U.S.-led anti-I.S. campaign enters third year as observers warn of decades-long fight.
The U.S.-led military effort against the Islamic State group started exactly two years ago, aimed at halting the jihadists as they swept across Iraq, leaving a trail of human butchery and destruction in their wake. It was supposed to have been a swift and narrow campaign that would help local forces deal a “lasting defeat” to I.S. jihadists. But billions of dollars and more than 14,000 airstrikes later, such assertions are buckling, and the campaign highlights the limits of fighting a war mainly from the skies.
“I think we are looking at decades of effort,” said Charles Lister, a senior fellow at the Middle East Institute. “We are fighting a losing battle if we expect to completely destroy [I.S.] altogether.”
Nearly half of the territory once held by the I.S. group in Iraq has been liberated, as well as about 20 percent of its claim in neighboring Syria. Experts foresee the eventual collapse of the group’s self-declared “caliphate,” but the jihadists are fighting back by calling on followers to launch attacks across the globe.
Just this year, I.S. has claimed a string of horrific attacks including in France, Belgium, Turkey, Baghdad and the United States. “This is an organization that has very successfully morphed back into a traditional terrorist organization that then steadily rebuilds its capabilities,” Lister said.
When President Barack Obama launched airstrikes in Iraq in August 2014, officials stressed U.S. involvement would not be sustained for the long term. And Obama, elected on a promise of ending America’s wars in Iraq and Afghanistan, vowed ground troops would not be dragged back into another conflict.
He has repeatedly insisted that while the United States can provide support and airstrikes, the war has to be won by local forces—not Americans. Still, about 6,500 coalition troops, mostly American, have deployed in the anti-I.S. fight.
Most are in Iraq, though some special operations forces are working with Kurdish and Arab fighters in war-torn Syria, where a civil war and Russian strikes in support of President Bashar al-Assad have further complicated the picture.
“The few people of us who were watching this group develop from 2010 to 2014 knew very well that this was going to be a very long-term battle, and the idea that no U.S. troops were going to be involved was just a fantasy,” Lister told AFP.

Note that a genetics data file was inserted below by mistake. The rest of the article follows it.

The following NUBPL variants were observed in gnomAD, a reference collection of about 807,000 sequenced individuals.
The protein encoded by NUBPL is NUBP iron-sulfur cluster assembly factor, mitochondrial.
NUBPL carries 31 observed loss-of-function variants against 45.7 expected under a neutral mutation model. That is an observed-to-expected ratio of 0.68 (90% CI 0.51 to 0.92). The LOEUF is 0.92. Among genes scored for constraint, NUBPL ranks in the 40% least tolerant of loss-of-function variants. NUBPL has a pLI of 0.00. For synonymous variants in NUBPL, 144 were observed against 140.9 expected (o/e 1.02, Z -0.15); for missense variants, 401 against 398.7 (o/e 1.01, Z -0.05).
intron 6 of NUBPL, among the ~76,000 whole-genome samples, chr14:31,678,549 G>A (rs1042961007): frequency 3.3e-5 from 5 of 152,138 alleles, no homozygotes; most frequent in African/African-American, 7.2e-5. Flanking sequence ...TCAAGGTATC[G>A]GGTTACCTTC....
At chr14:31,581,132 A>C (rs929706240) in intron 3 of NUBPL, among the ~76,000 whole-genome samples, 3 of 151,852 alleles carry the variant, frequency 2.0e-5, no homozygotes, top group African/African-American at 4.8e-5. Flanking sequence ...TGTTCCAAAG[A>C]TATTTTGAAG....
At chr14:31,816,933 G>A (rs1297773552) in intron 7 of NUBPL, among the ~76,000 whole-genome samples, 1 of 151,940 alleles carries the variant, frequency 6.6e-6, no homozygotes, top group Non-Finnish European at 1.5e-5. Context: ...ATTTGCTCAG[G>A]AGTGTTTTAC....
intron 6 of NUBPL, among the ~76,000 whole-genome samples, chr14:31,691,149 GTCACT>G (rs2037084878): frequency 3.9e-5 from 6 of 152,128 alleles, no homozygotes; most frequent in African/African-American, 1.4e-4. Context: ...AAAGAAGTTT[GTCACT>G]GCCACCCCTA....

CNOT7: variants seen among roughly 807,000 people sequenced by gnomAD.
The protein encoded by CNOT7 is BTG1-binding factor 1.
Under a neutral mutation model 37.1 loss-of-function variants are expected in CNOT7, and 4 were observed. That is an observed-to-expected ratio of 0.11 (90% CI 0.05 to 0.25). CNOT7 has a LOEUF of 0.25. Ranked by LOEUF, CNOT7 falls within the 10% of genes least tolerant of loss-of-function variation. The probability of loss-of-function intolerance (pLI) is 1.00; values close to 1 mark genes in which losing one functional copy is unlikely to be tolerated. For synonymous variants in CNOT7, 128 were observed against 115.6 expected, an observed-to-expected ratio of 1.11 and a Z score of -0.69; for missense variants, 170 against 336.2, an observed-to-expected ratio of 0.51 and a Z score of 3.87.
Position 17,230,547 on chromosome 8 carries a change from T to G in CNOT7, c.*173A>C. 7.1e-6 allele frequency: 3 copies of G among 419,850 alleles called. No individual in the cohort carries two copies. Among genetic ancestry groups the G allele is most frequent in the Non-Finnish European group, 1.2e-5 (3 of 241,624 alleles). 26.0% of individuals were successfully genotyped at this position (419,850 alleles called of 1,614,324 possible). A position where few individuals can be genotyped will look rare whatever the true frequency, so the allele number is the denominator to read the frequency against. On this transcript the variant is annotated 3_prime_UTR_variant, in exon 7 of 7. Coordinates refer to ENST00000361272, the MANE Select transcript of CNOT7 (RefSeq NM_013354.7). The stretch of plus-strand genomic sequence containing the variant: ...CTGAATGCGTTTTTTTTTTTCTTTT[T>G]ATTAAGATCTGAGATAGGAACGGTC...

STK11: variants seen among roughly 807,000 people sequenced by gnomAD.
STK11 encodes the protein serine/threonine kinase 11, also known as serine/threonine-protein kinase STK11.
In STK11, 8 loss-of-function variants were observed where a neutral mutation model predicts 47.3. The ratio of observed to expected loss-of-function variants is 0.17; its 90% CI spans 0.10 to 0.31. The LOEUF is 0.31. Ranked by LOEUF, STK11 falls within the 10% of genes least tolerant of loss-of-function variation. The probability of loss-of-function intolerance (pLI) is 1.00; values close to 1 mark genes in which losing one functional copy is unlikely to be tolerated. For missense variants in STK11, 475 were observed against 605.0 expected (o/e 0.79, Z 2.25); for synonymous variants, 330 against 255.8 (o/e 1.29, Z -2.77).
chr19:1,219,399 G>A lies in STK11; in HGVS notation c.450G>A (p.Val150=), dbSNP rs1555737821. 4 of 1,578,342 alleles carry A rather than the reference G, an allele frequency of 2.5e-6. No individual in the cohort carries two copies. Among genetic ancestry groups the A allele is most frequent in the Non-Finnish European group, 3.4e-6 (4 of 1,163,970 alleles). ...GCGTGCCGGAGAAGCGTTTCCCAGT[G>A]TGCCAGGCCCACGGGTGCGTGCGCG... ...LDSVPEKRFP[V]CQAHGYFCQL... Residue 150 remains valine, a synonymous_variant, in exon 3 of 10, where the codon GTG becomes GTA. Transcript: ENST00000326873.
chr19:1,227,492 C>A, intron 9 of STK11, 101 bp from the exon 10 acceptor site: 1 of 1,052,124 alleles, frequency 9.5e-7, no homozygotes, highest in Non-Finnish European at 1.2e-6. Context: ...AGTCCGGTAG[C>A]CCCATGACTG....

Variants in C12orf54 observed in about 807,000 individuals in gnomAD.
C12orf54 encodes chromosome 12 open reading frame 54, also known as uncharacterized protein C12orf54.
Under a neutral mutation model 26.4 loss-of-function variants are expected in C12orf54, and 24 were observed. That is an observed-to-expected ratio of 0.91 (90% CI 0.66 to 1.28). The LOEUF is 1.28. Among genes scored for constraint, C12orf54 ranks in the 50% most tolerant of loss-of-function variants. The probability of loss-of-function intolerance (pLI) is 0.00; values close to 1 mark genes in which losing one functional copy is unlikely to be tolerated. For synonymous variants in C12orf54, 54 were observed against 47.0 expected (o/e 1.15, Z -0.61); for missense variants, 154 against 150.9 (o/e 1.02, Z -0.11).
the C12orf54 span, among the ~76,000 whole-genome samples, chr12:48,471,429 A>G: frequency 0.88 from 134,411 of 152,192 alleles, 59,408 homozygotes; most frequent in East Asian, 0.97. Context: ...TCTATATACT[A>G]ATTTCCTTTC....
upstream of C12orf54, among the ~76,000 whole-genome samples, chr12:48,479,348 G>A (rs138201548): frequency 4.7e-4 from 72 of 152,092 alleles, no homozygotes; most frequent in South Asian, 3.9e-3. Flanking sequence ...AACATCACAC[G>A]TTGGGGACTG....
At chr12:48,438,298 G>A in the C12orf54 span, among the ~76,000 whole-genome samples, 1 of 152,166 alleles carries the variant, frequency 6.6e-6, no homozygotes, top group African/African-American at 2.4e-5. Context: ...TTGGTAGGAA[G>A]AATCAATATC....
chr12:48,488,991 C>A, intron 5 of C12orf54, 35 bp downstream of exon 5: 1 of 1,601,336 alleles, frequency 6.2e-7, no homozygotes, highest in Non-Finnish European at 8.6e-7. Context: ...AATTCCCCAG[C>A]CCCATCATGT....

Though the United States claims more than 60 countries are part of its coalition, in reality America and just a few stalwart partners are carrying out almost all the work. Within weeks of the first strikes in Iraq, the coalition campaign spread to Syria.
The fight later expanded to Afghanistan and, last week, the Pentagon quietly started an air campaign in the I.S. group’s Libyan stronghold of Sirte. That campaign is supposed to last “weeks, not months,” according to the Pentagon.
In total, the U.S.-led coalition had conducted 14,301 strikes in Iraq and Syria as of Aug. 6. A total of 9,514 of the strikes were in Iraq and 4,787 in Syria. The daily cost for such operations is about $11.9 million—around $8 billion so far.
Coalition strikes have targeted jihadi leaders, foot soldiers, tanks and fighting positions. Fuel trucks and wellheads that supply illicit oil for the I.S. group have been blown up too, along with hoards of cash worth millions of dollars.
But such reliance on airstrikes has created new problems, with the campaign’s quickening pace leading to increasing numbers of civilians being killed. As of July 28, the Pentagon had confirmed 55 civilians killed in coalition strikes in Iraq and Syria. Critics say that is an underestimate.
Other incidents are under investigation, including a July strike near the Syrian city of Manbij in which dozens more civilians were allegedly killed.
Though the United States goes to great lengths to avoid such deaths, they have disastrous repercussions for the wider fight against I.S. jihadists, observers note. “With the bombing campaigns, you are going to kill innocents, you are going to drive more recruits and you are going to drive more sympathy,” said Howard Gambrill Clark, a Marine veteran and former senior intelligence analyst who now heads the Washington-based Stability Institute. “I don’t know any serious [counterterrorism] analyst that believes that the U.S. is doing anything but creating more violent extremists,” he said.